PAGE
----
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1977-1978 Preview U.S. Sup. Ct. Cas. 1 (1977-1978)

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Oct. 1977 Term-No 1


September 6, 1977

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(Docket No. 76-1057)
Wills-Religion-Equal protection-Constitutionality of a
District of Columbia statute invalidating religious bequests
made within 30 days of the testator's death
On Appeal from the District of Columbia Court of Appeals.
Decision below: 365 A.2d 621 (1976)
Analysis prepared July 10, 1977, by Lawrence W. Waggoner,
Professor of Law, University of Michigan Law School, Ann
Arbor, MI 48109; telephone (313) 763-2586
Counsel for Appellants: Floyd Willis, III, and Edith N. Gel-
fand, Rockville, MD; for Appellee Calvary Baptist Church:
Charles H. Burton and Carl F. Bauersfeld, Bethesda, MD;
for Appellee St. Matthew's Cathedral: William A. Glasgow,
Stephen A. Trimble, and Nicholas D. Ward, Washington, DC
1. Does a statute invalidating religious bequests made
within 30 days of the testator's death prohibit the free exer-
cise of religion or constitute a law respecting the establish-
ment of religion, in violation of the first amendment to the
United States Constitution?
2. Does this statute deny due process or equal protection
of the laws, in violation of the fifth amendment to the United
States Constitution?
Sally Lipscomb French, a resident of the District of Colum-
bia, executed a will on October 13, 1972, in whiich she left
one-third of her residuary estate to Calvary Baptist Church
and another third to St. Matthew's Cathedral, both in Wash-
ington, D.C. Less than 30 days later, on November 2, 1972,
Mrs. French died. There is no evidence that either religious
legatee had attempted to influence Mrs. French.
The executor of Mrs. French's estate instituted an action
seeking instructions for the proper distribution of the estate
in light of section 18-302 of the District of Columbia Code,

which provides: A devise or bequest of real or persona
property to a minister, priest, rabbi, public teacher, or
preacher of the gospel, as such, or to a religious sect, order
or denomination,  . . is not valid unless it is made at least
30 days before the death of the testator. The two churches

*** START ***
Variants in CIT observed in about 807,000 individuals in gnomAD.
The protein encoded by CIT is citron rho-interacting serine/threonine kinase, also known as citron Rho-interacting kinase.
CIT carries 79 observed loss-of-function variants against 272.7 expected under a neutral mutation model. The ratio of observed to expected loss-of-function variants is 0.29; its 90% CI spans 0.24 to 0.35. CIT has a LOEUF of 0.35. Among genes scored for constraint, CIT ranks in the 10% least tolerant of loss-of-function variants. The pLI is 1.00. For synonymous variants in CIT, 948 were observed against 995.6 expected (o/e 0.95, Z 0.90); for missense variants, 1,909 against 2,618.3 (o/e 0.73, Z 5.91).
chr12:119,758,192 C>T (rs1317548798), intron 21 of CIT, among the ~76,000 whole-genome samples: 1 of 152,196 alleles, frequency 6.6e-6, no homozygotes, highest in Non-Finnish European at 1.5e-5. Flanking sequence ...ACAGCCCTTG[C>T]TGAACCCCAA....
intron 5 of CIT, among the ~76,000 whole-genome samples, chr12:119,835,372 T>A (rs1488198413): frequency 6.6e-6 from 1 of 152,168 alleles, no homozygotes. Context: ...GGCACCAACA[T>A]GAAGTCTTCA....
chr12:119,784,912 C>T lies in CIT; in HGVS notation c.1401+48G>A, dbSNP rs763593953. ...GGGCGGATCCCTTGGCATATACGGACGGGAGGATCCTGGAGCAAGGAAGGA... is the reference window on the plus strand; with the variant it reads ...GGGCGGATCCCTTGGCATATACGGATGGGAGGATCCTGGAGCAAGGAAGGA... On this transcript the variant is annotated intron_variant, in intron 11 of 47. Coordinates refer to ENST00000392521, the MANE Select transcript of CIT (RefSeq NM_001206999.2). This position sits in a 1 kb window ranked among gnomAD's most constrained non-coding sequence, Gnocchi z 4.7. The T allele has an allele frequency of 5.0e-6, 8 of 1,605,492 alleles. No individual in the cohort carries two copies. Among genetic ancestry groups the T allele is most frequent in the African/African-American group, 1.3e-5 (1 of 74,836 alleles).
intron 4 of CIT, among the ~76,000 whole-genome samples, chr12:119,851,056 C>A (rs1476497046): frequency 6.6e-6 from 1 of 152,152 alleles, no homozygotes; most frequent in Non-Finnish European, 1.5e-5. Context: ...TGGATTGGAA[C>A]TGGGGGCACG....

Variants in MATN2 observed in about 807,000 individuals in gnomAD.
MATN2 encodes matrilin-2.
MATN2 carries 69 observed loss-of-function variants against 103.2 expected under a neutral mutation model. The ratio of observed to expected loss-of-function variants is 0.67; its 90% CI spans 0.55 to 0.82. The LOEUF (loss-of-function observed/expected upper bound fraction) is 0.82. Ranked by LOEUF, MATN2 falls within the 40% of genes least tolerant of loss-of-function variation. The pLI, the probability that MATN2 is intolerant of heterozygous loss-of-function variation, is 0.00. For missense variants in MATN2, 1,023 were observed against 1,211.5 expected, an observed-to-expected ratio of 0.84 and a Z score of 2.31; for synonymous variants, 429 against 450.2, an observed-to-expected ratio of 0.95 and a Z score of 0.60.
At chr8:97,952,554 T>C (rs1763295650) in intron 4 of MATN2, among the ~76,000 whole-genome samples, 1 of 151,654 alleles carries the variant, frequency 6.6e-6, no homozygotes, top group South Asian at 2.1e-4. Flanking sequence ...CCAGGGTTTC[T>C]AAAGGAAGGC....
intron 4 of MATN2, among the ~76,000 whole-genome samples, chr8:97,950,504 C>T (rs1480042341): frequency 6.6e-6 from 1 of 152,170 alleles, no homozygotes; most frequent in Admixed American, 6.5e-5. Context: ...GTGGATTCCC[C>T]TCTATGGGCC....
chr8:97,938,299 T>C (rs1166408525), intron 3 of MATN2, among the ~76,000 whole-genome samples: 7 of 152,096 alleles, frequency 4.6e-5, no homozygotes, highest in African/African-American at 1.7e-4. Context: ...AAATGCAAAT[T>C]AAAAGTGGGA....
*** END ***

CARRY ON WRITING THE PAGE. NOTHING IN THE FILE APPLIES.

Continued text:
argued that the statute was unconstitutional. The trial court
agreed, ruling that both the free exercise clause of the first
amendment and the due process clause of the fifth amend-
ment were violated by the statute. The District of Columbia
Court of Appeals affirmed, ruling that the statute denied
equal protection in violation of the fifth amendment. The
Court did not consider first amendment issues. The heirs of
Mrs. French appealed to the United States Supreme Court.
Background and Significance
The challenged statute was enacted by Congress in 1866
and has since remained substantially unchanged. Although
other states have similar laws, this statute is alone in invali-
dating only religious bequests, rather than charitable be-
quests generally. The stated purpose of section 18-302 is to
prevent improvident gifts . . when the testator is weak and
in apprehension of death; it thus protects the family from
disinheritance without due deliberation on the part of the
testator. In 1974, a Pennsylvania statute invalidating all
charitable bequests made within 30 days of death was de-
clared unconstitutional by the highest court of that state.
In re Estate of Cavill, 459 Pa. 411, 329 A.2d 503 (1974).
The first amendment requires that Congress make no law
prohibiting the free exercise of religion. The Supreme Court
has recognized that the free exercise clause has two aspects:
the freedom to believe and the freedom to act. The freedom
to believe is absolute, but the freedom to take action because
of religious beliefs is subject to legislative control. To justify
such control, however, the state must have a lawful and
compelling interest in regulating that activity. Sherbert v.
Verner, 374 U.S. 398, 403 (1963). In some cases, the Supreme
Court has upheld statutes placing an indirect burden on the
exercise of religion when the purpose and effect of the
statute were to further secular goals not attainable without
imposing that burden. For example, the Court has upheld
the application of a Sunday closing law to a Jewish merchant
Continued on page 2

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